Going Your Own Way: Choosing to Elope

SarahIn the second post in our “Going Your Own Way” series, DIY bride Sarah talks about the options you have when you don’t want to (or can’t) plan a big wedding. This week, we’re focusing on eloping.

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Sometimes the idea of a big wedding just doesn’t appeal. Maybe you don’t like being the centre of attention, or much as you’d like to, you just don’t have the cash to spend on 80 of your nearest and dearest. Maybe you have members of your family that you can’t imagine being able to stay in a room together without fighting – it happens more often than you’d think. Add to that all the stress and expense that wedding planning can bring, and some folks decide that it’s just not worth the hassle. But then what are your options?

If you definitely want to get married (not everyone does of course, and that’s A OK too), you could just have a simple registry office ceremony with fewer guests, or disappear to an island and come back betrothed, having told no one beforehand that you were going to do it. Either way, if you want to get married without the fuss, then perhaps choosing to elope will give you the options you’re looking for.

Choosing to elope can seem daunting and scary. Many people are put off the idea because they worry their family and friends might not understand the decision, or might be hurt by not being included in the ceremony. I remember all the way through our wedding planning, telling people over and over again “I would have been happy to elope, but Tzevai didn’t want to”. I also clearly remember nobody really believing me – I was planning a wedding so I must want that wedding, right?

Well, yes and no. I loved our wedding day when it finally came around – but would I have been just as happy with our parents and a small, no fuss ceremony somewhere warm? I think I would have. Eloping has to be something that you choose to do together – I gave up my opinion on it because I wasn’t dead set against having a planned wedding, I just thought it would have been easier (and cheaper! I am the budget bride, after all) for us.

But it can be done, and if you’re both into the idea (or both just really, really anti the idea of planning a big day) then eloping can be a great alternative wedding style to choose :) If you’re really worried about your friends and family then let them in on it, and make it clear that it’s not because you don’t want them there – you just don’t want a fuss. Eloping doesn’t mean that you have to do it alone, so if you want people with you then go for it. It also doesn’t mean that you can’t have the dress, or the suits or decorations if that’s what you want –  it’s still your wedding so if you want those things don’t ever let someone tell you that you can’t have them and still call it eloping.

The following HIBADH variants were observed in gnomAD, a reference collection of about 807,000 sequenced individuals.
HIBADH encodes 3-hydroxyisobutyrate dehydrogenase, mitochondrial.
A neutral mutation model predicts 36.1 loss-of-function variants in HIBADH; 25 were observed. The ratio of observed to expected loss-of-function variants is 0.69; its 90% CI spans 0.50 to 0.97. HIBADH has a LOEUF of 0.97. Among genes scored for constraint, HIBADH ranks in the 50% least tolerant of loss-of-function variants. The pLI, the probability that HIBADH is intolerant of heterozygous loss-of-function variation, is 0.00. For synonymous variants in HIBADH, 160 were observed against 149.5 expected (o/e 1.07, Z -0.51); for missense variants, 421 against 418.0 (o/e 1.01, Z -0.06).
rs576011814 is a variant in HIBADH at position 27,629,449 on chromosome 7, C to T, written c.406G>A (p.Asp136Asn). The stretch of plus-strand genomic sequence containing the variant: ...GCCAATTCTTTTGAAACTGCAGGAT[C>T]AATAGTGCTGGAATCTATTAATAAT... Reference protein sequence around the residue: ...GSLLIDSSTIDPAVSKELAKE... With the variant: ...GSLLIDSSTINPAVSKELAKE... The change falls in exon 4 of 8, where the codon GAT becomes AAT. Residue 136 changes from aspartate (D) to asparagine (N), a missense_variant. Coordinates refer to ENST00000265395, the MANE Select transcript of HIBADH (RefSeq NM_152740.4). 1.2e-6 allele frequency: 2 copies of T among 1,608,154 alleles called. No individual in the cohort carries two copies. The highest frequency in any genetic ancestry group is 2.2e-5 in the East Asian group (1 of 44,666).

Our biggest piece of advice would be: do what whatever you can afford that makes you comfortable. If spending thousands of pounds on one day makes you feel slightly green, then it’s okay not to want to do that, but to still want to celebrate your union together. Take it easy, decide what you really can’t live without and then plan your wedding around that, rather than what other people think you should do :)

We asked on Facebook if anyone had any elopement stories they’d like to share, and Cwtch the Bride reader Kelly got in touch. We liked her story so much we asked if we could share it on the blog along with her photos, and luckily for us Kelly said yes! Thanks very much Kelly! :)

Kelly’s Wedding Story

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We got married in Gretna Green on Sept 3rd 2012. We didn’t have an engagement and planned the wedding about 2 months before, around the end of July.

We always knew we’d end up getting married but we were never keen on the big white wedding thing. We both love weddings and feel honoured whenever we’re invited to one but the thought of being the centre of attention for the whole day and being shuffled around for photos etc wasn’t our idea of our perfect day. We wanted it to be about us, and our little boy who was 15 months old at the time.

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My dress was high street, I didn’t run around the wedding dress shops trying on loads of different types to make sure I got the perfect one, I simply did what I do best and shopped on the Internet! It was from Phase Eight. I’m so glad I got a high street dress as it’s just sat in my wardrobe now.

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We only told two friends each, who we also invited along with us and were sworn to secrecy. We drove up to Gretna the day before and returned home the day after. Our day was very relaxed, we didn’t have any professional photographers so we just asked our friends to take some pictures for us. The ceremony was lovely and afterwards we headed to the nearest pub for drinks and a few packets of crisps! After that we headed off to our hotel for a meal. We dined as ‘normal’ guests at the hotel and didn’t have a wedding package. Some of us had a curry, some had lasagne, some had burgers and some ordered from the al a carte!

When our son started to get tired we all went back to our hotel room where we had many bottles of champagne and good conversation with our bestest friends.

The next day we told our parents….it went ok :)

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(all photos © Kelly Brace, with thanks)

Going Your Own Way: Ignoring Wedding Traditions

SarahDIY bride Sarah is back again, with her opinion on the delicate balance of customs and rituals – and why sometimes choosing to ignore wedding traditions competely can be the best option. 

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Going Your Own Way: Ignoring Wedding Traditions

Sarah & Tzevai’s Wedding – shot by Maria Farrelly